Thank you Dr. Christensen for taking interest and explaining/answering in detail. I have call scheduled tomorrow with my mother's doctors and certainly this is going to help a lot.

I have summarized my understanding and have some more questions, where I need your help.

* For confirming/ruling out endocarditis - Blood Culture test should be performed and if required a trans-esophageal echocardiogram should be required. Her ESR is high since almost 1.5 years now and doctors till now thought it is because of her Tuberculosis. Her TB treatment is completed and she is off the medicines now since 1 month and ESR (which was just taken yesterday) is still high. Could this be because of Endocarditis or it may be byproduct of her TB treatment?
* For better control of BP, I should talk to a Cardiologist and Kidney specialist.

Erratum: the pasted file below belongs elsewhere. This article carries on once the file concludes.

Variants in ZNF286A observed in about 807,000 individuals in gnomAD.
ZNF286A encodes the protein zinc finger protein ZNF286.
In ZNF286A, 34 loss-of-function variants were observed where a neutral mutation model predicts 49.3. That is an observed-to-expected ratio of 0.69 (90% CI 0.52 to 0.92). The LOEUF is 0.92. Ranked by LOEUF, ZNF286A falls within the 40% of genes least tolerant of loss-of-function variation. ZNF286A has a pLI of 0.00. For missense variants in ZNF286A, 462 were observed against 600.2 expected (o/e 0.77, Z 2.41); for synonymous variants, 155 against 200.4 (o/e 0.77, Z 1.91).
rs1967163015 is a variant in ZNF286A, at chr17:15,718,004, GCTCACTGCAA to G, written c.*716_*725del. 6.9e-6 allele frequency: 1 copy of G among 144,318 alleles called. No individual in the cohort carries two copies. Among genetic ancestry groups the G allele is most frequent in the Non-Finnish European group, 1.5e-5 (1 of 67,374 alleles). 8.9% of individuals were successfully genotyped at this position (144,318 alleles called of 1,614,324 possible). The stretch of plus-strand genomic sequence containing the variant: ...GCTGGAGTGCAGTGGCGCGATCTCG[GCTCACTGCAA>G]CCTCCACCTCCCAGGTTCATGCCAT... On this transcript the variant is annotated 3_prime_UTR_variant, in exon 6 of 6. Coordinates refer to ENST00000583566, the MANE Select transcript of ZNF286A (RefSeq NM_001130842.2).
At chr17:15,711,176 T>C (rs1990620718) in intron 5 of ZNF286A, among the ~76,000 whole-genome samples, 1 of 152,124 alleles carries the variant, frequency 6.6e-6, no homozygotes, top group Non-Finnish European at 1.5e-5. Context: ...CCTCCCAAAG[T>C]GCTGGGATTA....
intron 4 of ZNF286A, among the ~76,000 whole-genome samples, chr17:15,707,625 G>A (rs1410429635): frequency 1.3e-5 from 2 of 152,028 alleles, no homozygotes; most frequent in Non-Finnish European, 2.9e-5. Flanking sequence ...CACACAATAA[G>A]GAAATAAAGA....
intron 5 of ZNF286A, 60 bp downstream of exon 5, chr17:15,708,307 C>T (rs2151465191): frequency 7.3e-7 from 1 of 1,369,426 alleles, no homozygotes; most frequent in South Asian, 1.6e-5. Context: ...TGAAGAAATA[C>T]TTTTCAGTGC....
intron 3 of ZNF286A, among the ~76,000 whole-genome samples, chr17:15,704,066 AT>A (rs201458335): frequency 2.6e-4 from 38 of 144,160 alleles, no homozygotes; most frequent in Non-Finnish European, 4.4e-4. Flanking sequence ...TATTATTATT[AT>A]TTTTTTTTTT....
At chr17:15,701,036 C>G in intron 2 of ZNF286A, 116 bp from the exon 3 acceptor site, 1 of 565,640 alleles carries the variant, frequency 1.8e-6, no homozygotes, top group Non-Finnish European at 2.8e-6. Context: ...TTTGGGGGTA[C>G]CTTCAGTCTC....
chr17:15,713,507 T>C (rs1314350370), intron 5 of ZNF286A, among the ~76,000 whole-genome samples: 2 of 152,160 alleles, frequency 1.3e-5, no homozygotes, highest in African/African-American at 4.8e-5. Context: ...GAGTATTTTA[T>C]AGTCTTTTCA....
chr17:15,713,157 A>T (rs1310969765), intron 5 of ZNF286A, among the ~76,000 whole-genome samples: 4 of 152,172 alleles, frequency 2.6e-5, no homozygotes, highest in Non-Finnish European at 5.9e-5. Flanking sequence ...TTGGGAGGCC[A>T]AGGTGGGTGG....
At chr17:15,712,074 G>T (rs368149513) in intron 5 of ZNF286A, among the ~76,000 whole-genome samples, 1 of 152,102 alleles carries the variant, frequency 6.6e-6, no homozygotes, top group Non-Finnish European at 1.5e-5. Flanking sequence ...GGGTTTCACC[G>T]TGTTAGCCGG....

* Last thing where I am little uncomfortable to ask you but I have read mix kind of reviews about knee joint replacement surgeries, is it safe and worth performing? Would I be putting her in more pain after operation?

Many thanks in advance for your time and patience.
doctor
Answered by Dr. Stephen Christensen 9 hours later
Your mother's elevated ESR could be due to endocarditis, but there are many other possible causes; anything that triggers inflammation can cause your ESR to rise. Given the findings of your mother's echocardiogram, though, endocarditis is the first thing that needs to be ruled out. Blood cultures and trans-esophageal echocardiography are the next steps in that evaluation.
The vast majority of patients who undergo knee replacement surgery are much improved once they get through the post-operative rehabilitation period, which can be quite painful. (Your mother will probably need help for at least 4 to 6 weeks.) As with any surgical procedure, complications do occasionally occur with knee replacements: problems with anesthesia, bleeding, blood clots, post-op infections, implant failure, etc. However, such problems only occur in about 1 in 50 operations. When a person can no longer perform his or her daily activities due to severe knee arthritis, replacing the joints typically restores a good level of function.

Above answer was peer-reviewed by : Dr. Chakravarthy Mazumdar